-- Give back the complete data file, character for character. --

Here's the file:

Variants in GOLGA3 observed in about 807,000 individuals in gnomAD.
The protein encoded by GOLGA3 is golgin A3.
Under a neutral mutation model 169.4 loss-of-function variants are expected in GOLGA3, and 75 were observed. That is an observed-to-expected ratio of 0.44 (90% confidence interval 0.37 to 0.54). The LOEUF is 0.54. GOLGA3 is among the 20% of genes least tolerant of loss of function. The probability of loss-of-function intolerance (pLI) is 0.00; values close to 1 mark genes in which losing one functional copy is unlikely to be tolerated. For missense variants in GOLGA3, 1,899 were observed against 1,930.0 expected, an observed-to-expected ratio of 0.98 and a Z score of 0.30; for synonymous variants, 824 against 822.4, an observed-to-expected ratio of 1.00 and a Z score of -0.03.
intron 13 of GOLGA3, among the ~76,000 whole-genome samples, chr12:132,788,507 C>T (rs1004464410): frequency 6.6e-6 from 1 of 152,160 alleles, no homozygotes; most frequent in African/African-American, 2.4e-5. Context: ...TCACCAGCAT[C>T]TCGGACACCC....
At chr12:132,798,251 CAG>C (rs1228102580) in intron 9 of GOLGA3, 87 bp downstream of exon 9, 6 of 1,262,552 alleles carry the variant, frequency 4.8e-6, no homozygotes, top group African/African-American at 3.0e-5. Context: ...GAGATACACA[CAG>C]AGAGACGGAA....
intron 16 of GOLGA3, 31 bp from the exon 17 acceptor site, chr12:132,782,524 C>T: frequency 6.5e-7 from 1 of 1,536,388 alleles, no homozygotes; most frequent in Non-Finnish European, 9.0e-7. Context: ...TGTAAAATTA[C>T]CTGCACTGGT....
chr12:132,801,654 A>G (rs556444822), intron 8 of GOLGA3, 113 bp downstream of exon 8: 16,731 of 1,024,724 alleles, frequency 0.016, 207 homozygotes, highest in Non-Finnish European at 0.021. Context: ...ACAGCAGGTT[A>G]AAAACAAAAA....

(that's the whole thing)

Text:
Variants in GOLGA3 observed in about 807,000 individuals in gnomAD.
The protein encoded by GOLGA3 is golgin A3.
Under a neutral mutation model 169.4 loss-of-function variants are expected in GOLGA3, and 75 were observed. That is an observed-to-expected ratio of 0.44 (90% confidence interval 0.37 to 0.54). The LOEUF is 0.54. GOLGA3 is among the 20% of genes least tolerant of loss of function. The probability of loss-of-function intolerance (pLI) is 0.00; values close to 1 mark genes in which losing one functional copy is unlikely to be tolerated. For missense variants in GOLGA3, 1,899 were observed against 1,930.0 expected, an observed-to-expected ratio of 0.98 and a Z score of 0.30; for synonymous variants, 824 against 822.4, an observed-to-expected ratio of 1.00 and a Z score of -0.03.
intron 13 of GOLGA3, among the ~76,000 whole-genome samples, chr12:132,788,507 C>T (rs1004464410): frequency 6.6e-6 from 1 of 152,160 alleles, no homozygotes; most frequent in African/African-American, 2.4e-5. Context: ...TCACCAGCAT[C>T]TCGGACACCC....
At chr12:132,798,251 CAG>C (rs1228102580) in intron 9 of GOLGA3, 87 bp downstream of exon 9, 6 of 1,262,552 alleles carry the variant, frequency 4.8e-6, no homozygotes, top group African/African-American at 3.0e-5. Context: ...GAGATACACA[CAG>C]AGAGACGGAA....
intron 16 of GOLGA3, 31 bp from the exon 17 acceptor site, chr12:132,782,524 C>T: frequency 6.5e-7 from 1 of 1,536,388 alleles, no homozygotes; most frequent in Non-Finnish European, 9.0e-7. Context: ...TGTAAAATTA[C>T]CTGCACTGGT....
chr12:132,801,654 A>G (rs556444822), intron 8 of GOLGA3, 113 bp downstream of exon 8: 16,731 of 1,024,724 alleles, frequency 0.016, 207 homozygotes, highest in Non-Finnish European at 0.021. Context: ...ACAGCAGGTT[A>G]AAAACAAAAA....